Our niece “loves giraffes,” as she told me when I mentioned that the Harvard Museum of Natural History has a fascinating, newly renovated Great Mammal Hall, “the oldest and most dramatic gallery in the museum, with a 19th century arrangement of specimens that includes a full-sized giraffe and three whale skeletons suspended from the rafters. In the balcony, you’ll find Harvard’s extensive collection of birds.” She also loved their gift shop and picked up some little trinkets for her friends at home.
The T was very easy for the kids to use alone. They only got lost once.
I believe they prefered when they were traveling with their Uncle Benson, who is now completely dependent upon Uber, a car reservation service which recently launched in Boston and Cambridge. For slightly more than the cost of a taxi, a black sedan or SUV will take you anywhere you want to go. I haven’t been in a taxi since I started using the service a few months ago. I’m pretty certain that the kids want me to arrange for an Uber car to take them to school when they return on Monday.
What a week. And I need a cocktail.
Posted by Benson Willis, General Manager of Hotel Veritas
February 25, 2012 | Categories: Harvard, Harvard Square, Hotel Veritas, MIT, Museums, Restaurants, Shopping, Transportation | Tags: Back Bay Social Club, Black Ink, Cape Ann Brewing, Fisherman's Ale, Follow the Honey, Harpoon IPA, Harvard Coop, Harvard Museum of Natural History, Hotel Veritas, Jerry Remy's, JP Licks, Kofuku, Legal Sea Foods, Marathon Sports, Miracle of Science, Museum of Fine Arts, Parish Cafe, Sam Adams Lager, Tavern in the Square, Tory Row, Uber, Wagamama | 2 Comments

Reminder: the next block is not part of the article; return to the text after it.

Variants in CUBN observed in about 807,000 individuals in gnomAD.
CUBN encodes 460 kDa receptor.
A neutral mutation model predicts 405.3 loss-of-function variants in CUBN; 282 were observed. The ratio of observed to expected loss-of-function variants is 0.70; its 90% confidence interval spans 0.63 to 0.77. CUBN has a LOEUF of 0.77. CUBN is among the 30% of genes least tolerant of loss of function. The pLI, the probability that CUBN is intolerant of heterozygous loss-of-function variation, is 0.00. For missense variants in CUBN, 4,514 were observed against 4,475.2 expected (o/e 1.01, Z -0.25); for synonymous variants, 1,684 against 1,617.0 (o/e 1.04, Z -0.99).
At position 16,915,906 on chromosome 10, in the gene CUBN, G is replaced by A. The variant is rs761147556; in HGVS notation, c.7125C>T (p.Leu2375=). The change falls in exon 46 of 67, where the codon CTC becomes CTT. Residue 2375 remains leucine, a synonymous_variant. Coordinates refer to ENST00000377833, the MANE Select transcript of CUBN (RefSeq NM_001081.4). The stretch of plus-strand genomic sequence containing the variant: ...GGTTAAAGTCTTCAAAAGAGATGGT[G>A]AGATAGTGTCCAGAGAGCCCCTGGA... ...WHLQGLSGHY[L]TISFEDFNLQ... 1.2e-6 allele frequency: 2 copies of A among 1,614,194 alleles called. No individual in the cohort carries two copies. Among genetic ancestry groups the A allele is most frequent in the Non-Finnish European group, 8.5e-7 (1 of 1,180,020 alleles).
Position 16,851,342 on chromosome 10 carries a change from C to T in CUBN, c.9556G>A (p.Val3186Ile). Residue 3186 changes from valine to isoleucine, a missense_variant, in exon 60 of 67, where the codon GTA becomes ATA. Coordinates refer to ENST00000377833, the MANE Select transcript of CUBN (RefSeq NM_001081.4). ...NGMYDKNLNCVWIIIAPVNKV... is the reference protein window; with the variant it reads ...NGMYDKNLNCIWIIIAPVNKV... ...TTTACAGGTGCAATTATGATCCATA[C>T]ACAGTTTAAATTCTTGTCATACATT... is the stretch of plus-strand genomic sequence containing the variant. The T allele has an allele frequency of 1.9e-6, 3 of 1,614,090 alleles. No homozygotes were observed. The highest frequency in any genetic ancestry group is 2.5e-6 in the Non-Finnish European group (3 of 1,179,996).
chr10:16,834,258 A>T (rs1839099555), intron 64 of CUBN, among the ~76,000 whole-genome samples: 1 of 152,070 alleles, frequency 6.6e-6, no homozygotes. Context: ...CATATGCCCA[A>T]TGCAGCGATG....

I finally made it to the Isabella Stewart Gardner Museum yesterday. As we wandered through the absolutely overwhelming amount of art in this beautiful house designed specifically as host to the collection an interesting thing happened. Often, if not always, as I wander through a museum the conversation whether internal or in dialog is about the artists, the style, the era, the context of the piece of art. The further we explored the more I noticed the conversation was actually about Isabella Stewart Gardner herself, her motivations, her life, her passions, her choices. The different pieces of art that spoke to her, that she choose to own and put in her house/museum and arrange in a manner that feels at once haphazard and at the same time very constructed, begin tell a story of this very interesting woman that none of us would ever know otherwise. Intertwined in the conversation of Mrs. Jack is that of the building itself. This is an incredible place that is worth one visit followed by several return visits.
Posted by Alison Doughty, Hotel Manager at Hotel Veritas